RD:  I went to show my grandparents and then I taped it into my journal.
JHD: I went in the bedroom and cried for about 10 minutes.

BGDL: You are a courageous girl. We understand your little brother is your protector on the playground in case someone tries to bully you. That’s very sweet.
RD: It’s kinda silly because he’s younger than me! If anyone tries to bully me, my friends give them death stares. One person said, ‘That girl’s weird.’ I just told her straightforward, ‘I have alopecia and that’s just the way it is.’
JHD: Seeing Rylee’s strength and acceptance is what has gotten myself, her dad and her little brother through it.

BGDL: So you are taking the direct, honest approach.
JHD: Her school has been great. When her hair was rapidly falling out, her teacher let me give a quick talk about alopecia to normalize it. I told them she was healthy, not sick, that she didn’t have cancer and it wasn’t catching.

BGDL: How did Rylee’s classmates react?
JHD: Nobody laughed or giggled. They asked respectful questions.

BGDL: Rylee, you live in a small town outside of Ontario, Canada. It’s not easy to be anonymous in the place where you grew up and everyone knows you, unlike in a big city. Your mom says you have a lot of pressure to be a role model.
RD: Well, yes, everybody knows everybody. I chalk it up to Canada…Canada is too nice for the world! Everyone wants to be supportive.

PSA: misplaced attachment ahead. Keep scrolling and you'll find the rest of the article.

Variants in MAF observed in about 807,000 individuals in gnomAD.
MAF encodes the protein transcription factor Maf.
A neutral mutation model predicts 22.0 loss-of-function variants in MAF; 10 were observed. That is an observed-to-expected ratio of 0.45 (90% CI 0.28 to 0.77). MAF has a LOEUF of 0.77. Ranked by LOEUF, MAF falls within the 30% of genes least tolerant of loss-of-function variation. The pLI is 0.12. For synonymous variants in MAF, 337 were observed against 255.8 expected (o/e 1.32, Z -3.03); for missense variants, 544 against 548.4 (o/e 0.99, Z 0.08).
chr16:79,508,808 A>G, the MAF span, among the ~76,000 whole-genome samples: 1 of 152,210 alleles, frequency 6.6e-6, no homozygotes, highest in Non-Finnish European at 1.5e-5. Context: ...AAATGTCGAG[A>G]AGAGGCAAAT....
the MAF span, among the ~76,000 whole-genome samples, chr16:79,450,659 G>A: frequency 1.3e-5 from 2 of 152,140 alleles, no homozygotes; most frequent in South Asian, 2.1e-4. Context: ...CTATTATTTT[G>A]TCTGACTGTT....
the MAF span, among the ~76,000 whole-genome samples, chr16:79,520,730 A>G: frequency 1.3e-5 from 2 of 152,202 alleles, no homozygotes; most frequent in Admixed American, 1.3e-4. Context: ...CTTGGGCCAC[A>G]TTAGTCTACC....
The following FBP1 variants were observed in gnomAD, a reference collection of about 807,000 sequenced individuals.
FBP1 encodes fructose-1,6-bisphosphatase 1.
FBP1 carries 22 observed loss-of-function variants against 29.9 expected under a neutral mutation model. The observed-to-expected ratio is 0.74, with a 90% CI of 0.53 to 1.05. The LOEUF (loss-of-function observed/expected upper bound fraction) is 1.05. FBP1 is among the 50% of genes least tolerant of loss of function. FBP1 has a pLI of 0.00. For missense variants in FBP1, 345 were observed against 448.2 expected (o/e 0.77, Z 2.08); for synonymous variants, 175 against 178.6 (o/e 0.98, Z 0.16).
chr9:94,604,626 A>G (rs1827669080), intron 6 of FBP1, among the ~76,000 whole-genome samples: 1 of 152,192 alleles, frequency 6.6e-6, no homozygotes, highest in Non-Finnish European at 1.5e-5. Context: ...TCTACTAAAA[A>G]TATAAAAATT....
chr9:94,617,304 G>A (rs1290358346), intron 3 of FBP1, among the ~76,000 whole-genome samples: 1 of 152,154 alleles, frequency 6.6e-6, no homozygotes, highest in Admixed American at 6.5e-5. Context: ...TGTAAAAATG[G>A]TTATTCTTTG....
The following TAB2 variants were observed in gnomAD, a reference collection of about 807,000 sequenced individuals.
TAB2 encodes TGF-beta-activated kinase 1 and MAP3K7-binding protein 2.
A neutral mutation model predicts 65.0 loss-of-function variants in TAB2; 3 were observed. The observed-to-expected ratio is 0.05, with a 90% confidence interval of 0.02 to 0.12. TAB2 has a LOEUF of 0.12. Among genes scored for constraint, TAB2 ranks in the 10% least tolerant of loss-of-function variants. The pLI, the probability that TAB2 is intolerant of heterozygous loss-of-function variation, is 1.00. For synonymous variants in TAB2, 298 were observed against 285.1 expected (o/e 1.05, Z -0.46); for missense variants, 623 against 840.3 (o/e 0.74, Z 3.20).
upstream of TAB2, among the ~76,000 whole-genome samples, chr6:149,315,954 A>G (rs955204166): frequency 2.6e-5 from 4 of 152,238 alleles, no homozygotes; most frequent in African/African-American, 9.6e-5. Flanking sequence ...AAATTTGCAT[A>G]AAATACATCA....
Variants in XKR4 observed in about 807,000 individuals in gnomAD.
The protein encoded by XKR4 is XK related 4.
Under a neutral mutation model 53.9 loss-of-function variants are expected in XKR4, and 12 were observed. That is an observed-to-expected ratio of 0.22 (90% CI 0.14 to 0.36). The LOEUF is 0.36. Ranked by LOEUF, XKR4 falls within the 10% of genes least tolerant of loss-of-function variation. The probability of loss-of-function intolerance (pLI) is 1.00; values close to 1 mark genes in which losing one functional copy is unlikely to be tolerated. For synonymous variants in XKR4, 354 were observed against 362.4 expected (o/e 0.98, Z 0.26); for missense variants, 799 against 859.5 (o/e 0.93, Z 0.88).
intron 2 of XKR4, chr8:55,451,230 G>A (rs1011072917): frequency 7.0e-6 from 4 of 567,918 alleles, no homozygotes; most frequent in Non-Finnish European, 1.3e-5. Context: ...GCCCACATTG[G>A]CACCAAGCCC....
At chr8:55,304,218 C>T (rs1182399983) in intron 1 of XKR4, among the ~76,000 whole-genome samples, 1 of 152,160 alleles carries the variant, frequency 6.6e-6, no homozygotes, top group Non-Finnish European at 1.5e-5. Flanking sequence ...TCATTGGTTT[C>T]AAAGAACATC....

BGDL: So thinking back to that school picture day in September 2017, can you tell us how you decided to handle the bald spot? We think it’s so clever what you did.
RD: Mom and I found this video of a girl who had alopecia areata and decorated her head with stick-on gems for crazy hair day at school. We thought it was a really nice and easy thing to do, so we went to the dollar store and bought some gemstones.

BGDL: You look so amazing! What did your friends and teachers think?
RD: They loved it!

BGDL: It’s a really creative way to go through the world with alopecia. What design will you do next?
RD: I’m looking for unicorn stick-ons.
JHD: For the last day of school, she has a plan to paint her head yellow and then paint an emoji face on the back of it!

BGDL: You are currently sporting a beautiful, semi-permanent, traditional henna tattoo that got 160 Likes on Facebook. Tell us about that.
RD: A Hindu lady came to my house and drew it on my head—freehand!—in like, 15 minutes.
JHD: She has a beautiful, round head.
RD: It looks machined. And because my skin is really pale, it’s stayed on a really long time.

BGDL: And what’s this about a pet who likes to hang out on your head?
RD: That’s Nippy, my hamster. He got that name because he used to bite. He didn’t like my head when I had hair. But now he enjoys the sensation, I guess.

*This interview in 2018 has been lightly edited.

Bald Girls Do Lunch supports women of all ages who are grappling with alopecia areata. The learning goes both ways: younger women learn from older women who’ve walked the path, sure, but older women also gain a new point of view from those who could be their daughters or granddaughters.

For more information on supporting women with alopecia areata, visit www.baldgirlsdolunch.org or email hello@baldgirlsdolunch.org